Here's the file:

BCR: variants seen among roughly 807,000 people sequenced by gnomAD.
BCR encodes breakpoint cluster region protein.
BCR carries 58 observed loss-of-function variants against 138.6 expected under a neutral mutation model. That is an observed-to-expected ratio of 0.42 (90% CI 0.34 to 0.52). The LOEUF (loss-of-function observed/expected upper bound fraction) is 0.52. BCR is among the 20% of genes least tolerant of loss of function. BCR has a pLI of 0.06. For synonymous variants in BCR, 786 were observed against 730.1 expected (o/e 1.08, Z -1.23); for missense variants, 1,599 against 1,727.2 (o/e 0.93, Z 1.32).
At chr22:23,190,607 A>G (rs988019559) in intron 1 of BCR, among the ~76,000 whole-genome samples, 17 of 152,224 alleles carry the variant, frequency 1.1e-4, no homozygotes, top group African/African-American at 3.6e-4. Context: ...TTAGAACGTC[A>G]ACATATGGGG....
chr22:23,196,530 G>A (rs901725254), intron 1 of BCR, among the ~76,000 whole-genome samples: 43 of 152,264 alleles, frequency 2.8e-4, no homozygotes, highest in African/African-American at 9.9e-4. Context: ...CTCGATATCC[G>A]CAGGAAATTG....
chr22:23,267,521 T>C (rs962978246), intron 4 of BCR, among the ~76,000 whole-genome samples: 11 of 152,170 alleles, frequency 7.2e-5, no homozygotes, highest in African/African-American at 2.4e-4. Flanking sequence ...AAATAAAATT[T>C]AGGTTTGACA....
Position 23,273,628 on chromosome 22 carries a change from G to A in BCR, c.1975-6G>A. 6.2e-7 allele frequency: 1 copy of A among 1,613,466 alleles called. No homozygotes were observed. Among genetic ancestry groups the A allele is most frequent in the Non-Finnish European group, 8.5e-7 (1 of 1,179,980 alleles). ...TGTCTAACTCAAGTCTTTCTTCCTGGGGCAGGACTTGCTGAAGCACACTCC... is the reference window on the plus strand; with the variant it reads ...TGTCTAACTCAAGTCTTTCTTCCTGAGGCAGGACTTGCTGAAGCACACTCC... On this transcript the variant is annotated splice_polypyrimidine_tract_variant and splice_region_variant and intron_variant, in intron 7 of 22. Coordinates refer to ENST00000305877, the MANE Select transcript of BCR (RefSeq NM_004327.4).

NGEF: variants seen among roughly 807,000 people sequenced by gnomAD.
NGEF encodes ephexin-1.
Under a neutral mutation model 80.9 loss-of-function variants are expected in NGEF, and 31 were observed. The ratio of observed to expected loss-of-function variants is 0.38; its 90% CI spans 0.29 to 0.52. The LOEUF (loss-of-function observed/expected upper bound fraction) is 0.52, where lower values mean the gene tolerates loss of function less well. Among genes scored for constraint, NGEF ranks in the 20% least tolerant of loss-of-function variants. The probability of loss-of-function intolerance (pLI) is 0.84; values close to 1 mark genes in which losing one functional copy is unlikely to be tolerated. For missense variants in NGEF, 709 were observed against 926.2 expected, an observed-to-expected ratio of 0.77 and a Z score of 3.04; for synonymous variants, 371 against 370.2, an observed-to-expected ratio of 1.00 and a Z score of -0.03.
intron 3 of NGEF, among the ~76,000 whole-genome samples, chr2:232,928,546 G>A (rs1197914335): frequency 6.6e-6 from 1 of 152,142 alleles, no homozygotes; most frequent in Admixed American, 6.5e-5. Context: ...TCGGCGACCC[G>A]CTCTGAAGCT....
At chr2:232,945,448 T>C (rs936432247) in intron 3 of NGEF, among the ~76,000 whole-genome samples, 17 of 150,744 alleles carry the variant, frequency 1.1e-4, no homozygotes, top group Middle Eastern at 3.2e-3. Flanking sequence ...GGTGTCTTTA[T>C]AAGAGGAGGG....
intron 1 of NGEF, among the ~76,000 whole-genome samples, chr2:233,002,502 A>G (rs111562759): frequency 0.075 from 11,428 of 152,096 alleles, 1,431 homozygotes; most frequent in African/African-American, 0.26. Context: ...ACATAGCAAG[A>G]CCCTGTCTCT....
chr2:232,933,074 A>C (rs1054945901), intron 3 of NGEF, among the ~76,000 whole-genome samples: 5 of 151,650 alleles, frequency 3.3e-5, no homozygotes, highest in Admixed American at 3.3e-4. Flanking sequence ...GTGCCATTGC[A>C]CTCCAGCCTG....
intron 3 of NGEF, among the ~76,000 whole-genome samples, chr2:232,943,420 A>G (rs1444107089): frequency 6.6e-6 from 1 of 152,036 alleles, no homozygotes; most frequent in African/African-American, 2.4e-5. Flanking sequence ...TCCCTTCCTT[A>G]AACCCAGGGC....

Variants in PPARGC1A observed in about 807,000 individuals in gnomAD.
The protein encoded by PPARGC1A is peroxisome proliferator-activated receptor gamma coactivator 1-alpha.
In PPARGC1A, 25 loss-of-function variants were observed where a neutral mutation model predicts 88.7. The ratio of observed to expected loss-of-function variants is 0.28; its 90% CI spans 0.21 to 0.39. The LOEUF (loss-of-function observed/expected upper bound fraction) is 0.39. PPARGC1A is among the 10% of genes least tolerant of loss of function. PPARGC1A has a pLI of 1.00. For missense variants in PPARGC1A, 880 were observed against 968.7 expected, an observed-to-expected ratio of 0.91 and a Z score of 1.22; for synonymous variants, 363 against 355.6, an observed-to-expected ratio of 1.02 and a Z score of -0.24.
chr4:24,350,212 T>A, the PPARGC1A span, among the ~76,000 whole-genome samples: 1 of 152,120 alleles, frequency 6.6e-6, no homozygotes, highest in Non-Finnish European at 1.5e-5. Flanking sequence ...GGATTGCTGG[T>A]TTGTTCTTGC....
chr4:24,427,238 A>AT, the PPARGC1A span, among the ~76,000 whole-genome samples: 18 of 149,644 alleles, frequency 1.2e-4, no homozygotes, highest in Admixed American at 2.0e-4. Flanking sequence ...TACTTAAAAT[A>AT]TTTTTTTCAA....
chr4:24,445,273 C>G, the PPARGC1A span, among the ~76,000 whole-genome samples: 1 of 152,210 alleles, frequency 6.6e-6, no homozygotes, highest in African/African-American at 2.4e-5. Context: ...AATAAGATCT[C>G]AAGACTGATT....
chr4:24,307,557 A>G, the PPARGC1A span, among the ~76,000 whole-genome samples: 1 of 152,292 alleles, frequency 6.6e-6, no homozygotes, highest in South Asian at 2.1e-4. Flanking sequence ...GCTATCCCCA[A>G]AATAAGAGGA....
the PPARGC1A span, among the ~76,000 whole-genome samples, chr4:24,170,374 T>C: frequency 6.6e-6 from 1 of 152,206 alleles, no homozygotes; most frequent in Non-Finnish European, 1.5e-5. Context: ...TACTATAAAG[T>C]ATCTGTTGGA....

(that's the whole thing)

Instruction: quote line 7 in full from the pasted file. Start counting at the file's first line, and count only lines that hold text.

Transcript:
Position 23,273,628 on chromosome 22 carries a change from G to A in BCR, c.1975-6G>A. 6.2e-7 allele frequency: 1 copy of A among 1,613,466 alleles called. No homozygotes were observed. Among genetic ancestry groups the A allele is most frequent in the Non-Finnish European group, 8.5e-7 (1 of 1,179,980 alleles). ...TGTCTAACTCAAGTCTTTCTTCCTGGGGCAGGACTTGCTGAAGCACACTCC... is the reference window on the plus strand; with the variant it reads ...TGTCTAACTCAAGTCTTTCTTCCTGAGGCAGGACTTGCTGAAGCACACTCC... On this transcript the variant is annotated splice_polypyrimidine_tract_variant and splice_region_variant and intron_variant, in intron 7 of 22. Coordinates refer to ENST00000305877, the MANE Select transcript of BCR (RefSeq NM_004327.4).